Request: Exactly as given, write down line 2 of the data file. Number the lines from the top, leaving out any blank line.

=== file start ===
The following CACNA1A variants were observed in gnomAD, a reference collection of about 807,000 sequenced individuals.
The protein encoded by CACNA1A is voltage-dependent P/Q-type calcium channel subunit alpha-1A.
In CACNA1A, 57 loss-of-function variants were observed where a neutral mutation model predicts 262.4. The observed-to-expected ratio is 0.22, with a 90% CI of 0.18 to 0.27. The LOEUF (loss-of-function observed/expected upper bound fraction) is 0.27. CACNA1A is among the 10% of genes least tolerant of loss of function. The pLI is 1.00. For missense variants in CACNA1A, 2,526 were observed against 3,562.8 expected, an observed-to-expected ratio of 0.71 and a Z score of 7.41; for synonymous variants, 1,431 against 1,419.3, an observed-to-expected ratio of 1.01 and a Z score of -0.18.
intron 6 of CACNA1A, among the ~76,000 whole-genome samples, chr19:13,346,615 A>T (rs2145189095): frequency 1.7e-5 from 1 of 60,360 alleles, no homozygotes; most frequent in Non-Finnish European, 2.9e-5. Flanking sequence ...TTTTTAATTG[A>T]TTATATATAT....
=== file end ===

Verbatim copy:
The protein encoded by CACNA1A is voltage-dependent P/Q-type calcium channel subunit alpha-1A.